All of us feel something when we hear music: excitement, pleasure, relaxation, fear, heartbreak, or any combination of these. It pulls at our heartstrings in ways no other form of art can, possessing this indescribable power that can change how we feel and unlock emotions that we didn’t know we were feeling. And even if we’re not aware of the song playing, it has the power to change our mood, behavior, and physiological chemistry. We all respond to music. That’s what makes it universal. And that’s why it’s so difficult to imagine a world without it.

While this paper takes an interdisciplinary approach-- using physiology, neuroscience ,and social influence-- to  explore the science of music, we know that the power of music lies in the experience we have with it. There will be songs intimately integrated into the text and stories being told in hopes that it can bring us in a common space, and ultimately make this academic report a true musical experience.  Only by experiencing music will we be able to appreciate music and music therapy.

Meet the Author:
Karen Madamba

Major/Minor: Second year Psychobiology major at UCLA

Pronouns:  she/her/hers

Inspiration for Paper: Music has played a fundamental role in my life. As a young fourth grader, I was so excited to join my school band program and even buckled up my brand new clarinet just after purchasing it from Anaheim Band Instruments. But the inspiration for this paper came from my experience learning guitar and ukulele, and the intimacy of the acoustic setting I often found myself in. Through jam sessions with friends and watching acoustic performances, I felt music's ability to bring people together. This appreciation for music grew as I read research studying music's impact on the brain and was introduced to healing power of the musical experience through music therapy. 

Paper's Keywords and topics: Music, music therapy, neurobiology, psychology

Meet the Author:
Marie Pahos
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Major/Minor: Second year Neuroscience major at UCLA.

Pronouns:  she/her

Inspiration for Paper: I love learning about how food works in the body and have always been passionate about nutrition education. With the popularity of so many health food buzzwords, many people today end up following “fad” or “trend” nutrition advice when the science behind it may reveal that that buzzword does not indicate a healthier food product. With so much misinformation out there, I wanted to explore one of the buzzwords for myself and see how meaningful it really was.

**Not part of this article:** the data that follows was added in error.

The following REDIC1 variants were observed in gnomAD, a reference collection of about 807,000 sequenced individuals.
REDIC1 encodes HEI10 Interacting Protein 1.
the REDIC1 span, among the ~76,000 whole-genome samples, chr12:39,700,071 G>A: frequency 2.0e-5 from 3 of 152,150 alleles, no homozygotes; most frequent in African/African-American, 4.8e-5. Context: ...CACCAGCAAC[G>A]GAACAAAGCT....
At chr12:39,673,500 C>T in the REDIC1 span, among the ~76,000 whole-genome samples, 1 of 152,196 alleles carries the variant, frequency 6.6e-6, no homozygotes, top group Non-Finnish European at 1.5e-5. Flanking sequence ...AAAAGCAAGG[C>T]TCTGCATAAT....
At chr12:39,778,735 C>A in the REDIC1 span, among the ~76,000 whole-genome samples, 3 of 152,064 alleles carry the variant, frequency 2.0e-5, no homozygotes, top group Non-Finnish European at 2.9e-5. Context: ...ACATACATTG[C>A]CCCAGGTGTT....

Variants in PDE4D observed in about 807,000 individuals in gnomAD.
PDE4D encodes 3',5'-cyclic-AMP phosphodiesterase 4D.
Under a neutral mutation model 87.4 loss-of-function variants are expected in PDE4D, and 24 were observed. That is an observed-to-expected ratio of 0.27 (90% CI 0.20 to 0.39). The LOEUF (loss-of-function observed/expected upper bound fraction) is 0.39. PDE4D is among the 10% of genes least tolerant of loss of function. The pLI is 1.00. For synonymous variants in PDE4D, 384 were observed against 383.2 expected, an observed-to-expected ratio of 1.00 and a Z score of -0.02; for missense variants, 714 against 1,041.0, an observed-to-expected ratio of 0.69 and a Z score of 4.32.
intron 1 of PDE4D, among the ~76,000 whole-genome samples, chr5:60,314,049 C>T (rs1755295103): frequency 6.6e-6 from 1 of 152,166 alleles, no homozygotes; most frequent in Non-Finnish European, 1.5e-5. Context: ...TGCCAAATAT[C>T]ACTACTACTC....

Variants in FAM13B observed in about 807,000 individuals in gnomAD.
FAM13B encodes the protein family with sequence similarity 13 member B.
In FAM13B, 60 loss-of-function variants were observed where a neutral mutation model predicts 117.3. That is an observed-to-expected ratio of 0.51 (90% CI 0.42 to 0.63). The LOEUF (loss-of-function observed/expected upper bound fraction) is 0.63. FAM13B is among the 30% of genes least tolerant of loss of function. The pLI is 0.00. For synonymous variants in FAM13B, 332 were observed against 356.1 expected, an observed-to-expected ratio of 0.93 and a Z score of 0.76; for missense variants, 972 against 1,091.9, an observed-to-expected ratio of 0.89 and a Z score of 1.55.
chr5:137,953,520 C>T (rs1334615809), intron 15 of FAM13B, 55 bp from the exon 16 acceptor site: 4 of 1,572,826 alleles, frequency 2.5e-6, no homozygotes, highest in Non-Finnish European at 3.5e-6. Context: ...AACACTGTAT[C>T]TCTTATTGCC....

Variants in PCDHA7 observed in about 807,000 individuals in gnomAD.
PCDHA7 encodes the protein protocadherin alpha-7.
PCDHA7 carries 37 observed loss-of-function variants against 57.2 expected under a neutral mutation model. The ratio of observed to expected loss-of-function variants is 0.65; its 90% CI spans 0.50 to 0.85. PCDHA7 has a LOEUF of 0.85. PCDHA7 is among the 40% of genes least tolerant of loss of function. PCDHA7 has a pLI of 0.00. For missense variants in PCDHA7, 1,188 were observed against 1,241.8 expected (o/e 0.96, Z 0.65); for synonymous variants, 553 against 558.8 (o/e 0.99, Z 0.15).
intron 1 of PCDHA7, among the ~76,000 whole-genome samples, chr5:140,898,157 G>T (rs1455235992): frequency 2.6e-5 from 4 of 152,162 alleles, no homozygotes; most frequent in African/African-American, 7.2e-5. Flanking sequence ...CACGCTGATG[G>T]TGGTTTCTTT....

Paper's Keywords and topics: Food, organic, health

The Truth Behind Organic

Is organic truly healthier? Health food buzzwords such as “organic” are popular in today’s society, but is this label worth the higher price? An exploration into what “organic” means and an unsettling truth about what it does not.

Look Familiar? Look Familiar?
A Detailed Analysis on the Scientific Significance of Deja Vu


This paper takes a detailed look into the theories and interpretations about the Deja Vu phenomenon, as well as its history. How have we chosen to further our knowledge about this mystery? From unique experiments to psychological theories, this paper explores the many scientific aspects and explanations of Deja Vu.

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Meet the Author:
Sophia Quiroz
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Major/Minor: Third year Human Biology & Society major and Global Health minor at UCLA.

Pronouns:  she/her

Interests: I enjoy doing all things outdoors - including hiking, rock climbing, camping. I also enjoy baking and spending time with my two Collie-Huskies, Koda & Kenai. 

Paper's Keywords and topics: Deja Vu, neuroscience, phenomenon, psychology

Meet the Author:
Kylie Tseng

Major/Minor: Second year Microbiology, Immunology, and Molecular Genetics major and rising Neuroscience minor at UCLA.

Pronouns:  she/her

Inspiration for Paper: I was raised in an atheist household surrounded by Christian neighbors. As I grew up, I became fascinated with religion. Why do some people believe in God/gods while others do not? Is there a fundamental difference in our brains that accounts for this or is it something beyond ourselves? In this paper, I wanted to take a scientific approach in order to understand religious belief.

Paper's Keywords and topics: Brain, religion, belief, doubt

A Curious Relationship: Our Brains and Religion

Neurotheology is the explanation of religion in neuroscientific terms. This paper seeks to explore the processes of how decision making, belief, and doubt relate to religion and what implications they hold for our future. Issues such as mental health and religious conflict are also addressed. From an objective, scientific viewpoint, this paper discusses the brain's complex relationship with religion with the hope to bring together people of all religious backgrounds to find common ground.

Food Allergies:
What They Are, Why They Are, and How to Live with Them

What are food allergies? Why do we have them? How do we live with them? Explore these questions and much more in “Food Allergies: What They Are, Why They Are, and How to Live with Them.” This paper covers the biology and social implications of food allergies, with topics ranging from what happens in the body during an allergic reaction, EpiPen shortages, and how food allergies can psychologically affect kids and their parents.

Meet the Author:
Daniel Zoleikhaeian

Major/Minor: Third year Molecular, Cell, and Developmental Biology major with a minor in Mathematical Biology. 

Interests: I have severe egg and nut allergies, and I thought it would be nice to raise awareness about food allergies as a whole through my paper. My intention was to provide those who might be unfamiliar food allergies with a comprehensive introduction to the science and societal issues behind food allergies. 

Paper's Keywords and topics: food allergy, immunoglobulin E, mast cells, anaphylaxis, EpiPens, inclusivity